This is similar to general anxiety except there is a sudden onset with magnified symptoms of severe palpitations, shortness of breath, chest pain, sweating, dizziness, a feeling of helplessness, and fear of dieing or going crazy. Breathing into a paper bag can help the panic attack.

C. Phobias

The word comes from the Greek god of fear. The most common phobia is agoraphobia, the fear of unfamiliar situations. There are five types of phobia: 1. Separation fears (crowds, traveling alone, home alone) 2. Animal fears (rats, mice, insects, snakes) 3. Mutilation fears (operations, blood, open wounds) 4. Social fears (strangers, being watched) 5. Natural fears (heights, cliffs, water). 

D. Obsessive Compulsive Disorder

Traumatized by repetitive thoughts and acts. Obsessive people are unable to get an idea out of their head (like sexual, aggressive, or religious thoughts). Compulsive people feel compelled to keep repeating a certain act (like repetitive hand washing, brushing teeth, counting, checking the doors locked). Generally phobic people fear what may happen to them, obsessive compulsive people fear what they might do to others. The four main types are: 1. Checking frequently the gas, water, doors. 2. Cleanness, like avoiding public telephones because of germs. 3. Slowness in completing things. 4. Doubt even when everything is done carefully. Most of us have these thoughts, but they do not consume us and disrupt our lives. symptoms increase with stress. 

III. Personality Disorders

There are three groups of personality disorders

Odd or eccentric behavior

  1. Paranoid personality disorder
  2. Schizoid personality disorder
  3. Schizotypal personality disorder

Dramatic, emotional, or erratic behaviors

  1. Histrionic personality disorder
  2. Narcissistic personality disorder
  3. Borderline personality disorder
  4. Antisocial personality disorder

Fearful or anxious behaviors

  1. Avoidant personality disorder
  2. Dependent personality disorder
  3. Obsessive Compulsive personality disorder

IV. Mood Disorders

A. Depression

The two factors in depression are:

  1. a sad mood, feeling blue, hopeless, irritable and worried.
  2. a loss of interest or pleasure in things.

Often a stressful event can cause depression. Women are twice as likely to be depressed. We all feel blue when bereaved, disappointed, or after holidays. Clinical depression lasts for at least three months. Depression is the result of the lack of certain chemical neurotransmitters in certain places in the brain. Sleep is usually disrupted. One has trouble going to sleep and then staying asleep. One usually feels most depressed in the morning. Doctors prescribe anti-depressant drugs to help people over come depression.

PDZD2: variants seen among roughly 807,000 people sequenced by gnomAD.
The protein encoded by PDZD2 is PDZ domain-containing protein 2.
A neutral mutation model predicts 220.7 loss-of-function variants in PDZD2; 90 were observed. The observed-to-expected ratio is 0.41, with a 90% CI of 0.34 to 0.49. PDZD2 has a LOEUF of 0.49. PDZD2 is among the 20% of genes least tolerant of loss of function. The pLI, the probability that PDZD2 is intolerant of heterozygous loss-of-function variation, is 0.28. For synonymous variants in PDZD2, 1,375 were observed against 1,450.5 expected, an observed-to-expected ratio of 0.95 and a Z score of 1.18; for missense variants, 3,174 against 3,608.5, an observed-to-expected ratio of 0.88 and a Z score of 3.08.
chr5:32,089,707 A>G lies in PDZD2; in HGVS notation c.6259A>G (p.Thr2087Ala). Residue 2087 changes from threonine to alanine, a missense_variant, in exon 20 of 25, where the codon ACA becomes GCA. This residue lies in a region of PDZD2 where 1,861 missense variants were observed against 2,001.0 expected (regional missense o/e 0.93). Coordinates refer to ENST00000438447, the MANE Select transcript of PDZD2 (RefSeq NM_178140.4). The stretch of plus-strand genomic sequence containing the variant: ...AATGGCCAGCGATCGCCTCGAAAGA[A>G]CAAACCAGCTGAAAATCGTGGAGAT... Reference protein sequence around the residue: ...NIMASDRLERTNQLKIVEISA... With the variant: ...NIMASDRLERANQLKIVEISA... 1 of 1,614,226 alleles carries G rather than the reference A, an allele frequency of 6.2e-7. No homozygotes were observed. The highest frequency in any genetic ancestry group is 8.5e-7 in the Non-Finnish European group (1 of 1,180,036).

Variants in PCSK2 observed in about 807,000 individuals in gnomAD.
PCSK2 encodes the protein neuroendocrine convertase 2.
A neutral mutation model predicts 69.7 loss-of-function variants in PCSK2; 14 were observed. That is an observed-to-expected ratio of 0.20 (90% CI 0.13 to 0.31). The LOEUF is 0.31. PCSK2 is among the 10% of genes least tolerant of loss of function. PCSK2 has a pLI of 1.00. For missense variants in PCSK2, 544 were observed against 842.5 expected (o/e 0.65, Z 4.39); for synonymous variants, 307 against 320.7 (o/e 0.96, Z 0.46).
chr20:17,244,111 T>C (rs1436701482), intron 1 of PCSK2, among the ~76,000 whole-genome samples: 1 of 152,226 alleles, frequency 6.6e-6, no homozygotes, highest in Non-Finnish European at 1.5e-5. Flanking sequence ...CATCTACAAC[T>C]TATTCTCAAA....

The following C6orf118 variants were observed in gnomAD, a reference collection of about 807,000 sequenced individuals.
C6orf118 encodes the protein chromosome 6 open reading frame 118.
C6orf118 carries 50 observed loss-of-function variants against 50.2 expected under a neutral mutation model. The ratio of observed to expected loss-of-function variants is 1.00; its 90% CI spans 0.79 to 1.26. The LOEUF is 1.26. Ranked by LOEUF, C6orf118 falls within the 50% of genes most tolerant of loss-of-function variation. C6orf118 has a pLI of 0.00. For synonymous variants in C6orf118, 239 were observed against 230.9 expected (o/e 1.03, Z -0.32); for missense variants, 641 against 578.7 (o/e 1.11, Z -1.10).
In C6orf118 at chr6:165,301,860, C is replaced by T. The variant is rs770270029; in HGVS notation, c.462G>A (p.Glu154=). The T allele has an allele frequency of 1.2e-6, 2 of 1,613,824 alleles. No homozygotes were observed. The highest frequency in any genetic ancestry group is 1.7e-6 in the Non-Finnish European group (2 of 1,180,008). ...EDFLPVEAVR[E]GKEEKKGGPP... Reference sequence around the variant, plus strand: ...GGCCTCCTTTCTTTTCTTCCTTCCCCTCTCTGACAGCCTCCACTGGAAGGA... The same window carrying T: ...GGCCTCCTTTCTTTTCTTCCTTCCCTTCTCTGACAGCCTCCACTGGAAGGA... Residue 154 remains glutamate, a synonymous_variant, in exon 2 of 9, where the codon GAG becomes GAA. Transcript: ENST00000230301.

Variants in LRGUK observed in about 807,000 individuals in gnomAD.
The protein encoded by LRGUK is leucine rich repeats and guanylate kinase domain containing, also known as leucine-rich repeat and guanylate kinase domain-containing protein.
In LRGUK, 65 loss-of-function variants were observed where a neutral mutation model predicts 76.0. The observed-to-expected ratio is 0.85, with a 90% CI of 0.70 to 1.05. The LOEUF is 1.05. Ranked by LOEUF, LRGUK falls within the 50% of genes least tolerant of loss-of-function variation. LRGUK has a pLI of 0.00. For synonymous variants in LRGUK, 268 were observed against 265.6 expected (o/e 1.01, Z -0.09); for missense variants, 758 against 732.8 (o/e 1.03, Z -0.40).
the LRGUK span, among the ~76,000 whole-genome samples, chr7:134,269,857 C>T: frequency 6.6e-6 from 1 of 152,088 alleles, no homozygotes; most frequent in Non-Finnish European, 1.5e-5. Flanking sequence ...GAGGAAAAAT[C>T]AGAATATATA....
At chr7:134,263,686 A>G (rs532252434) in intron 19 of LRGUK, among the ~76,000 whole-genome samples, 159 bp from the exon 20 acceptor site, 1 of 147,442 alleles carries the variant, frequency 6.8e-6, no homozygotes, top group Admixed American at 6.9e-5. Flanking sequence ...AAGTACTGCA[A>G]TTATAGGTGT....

B. Bipolar Disorder

Bipolar disorder is also called manic-depressive disorder. There are two phases: depression and mania. Mania involves flight of ideas, extreme elevated mood, impulsive behavior, talkative, delusions of grandeur, hyperactive, not tired, and needs less sleep. A person will have mood swings from mania to depression. Usually lithium is used to stabilize a person with bipolar disorder. 

C. Suicide

Always take threats of suicide seriously, even indirect statements like, "I wish I was never born," or  "you'll be sorry when I'm gone." 

V. Schizophrenic Disorders

Symptoms of schizophrenia are: problems of perception (delusional, hallucinations), lack of concentration, inability to express thoughts, flat emotional responses, unusual motor behavior, and lack of initiative.

Delusion is a wrong interpretation of reality which logic can not change. There are paranoid delusions of jealousy, persecution, someone is after them, someone is trying to kill them, or poison them.

Hallucinations are internal impulses projected onto images in the real world. Most common is hearing voices. Some see things that are not there. 

Some researchers think that it is the result of problems with the chemical neurotransmitter dopamine. Doctors prescribe anti-psychotic mediation.

VI. Physical

Much abnormal behavior is do the result of dealing with stress. Psychological factors can affect your health. Stress can cause headaches, allergies, asthma, diarrhea, ulcers. 

Somatoform disorder is marked by bodily complaints that have no physical explanation. 

Physical problems can also cause mental disorders.

Genetics also play an important role in mental and physical health.

For more information on health, Dr. Koop has an excellent web site at

For more information on abnormal psychology see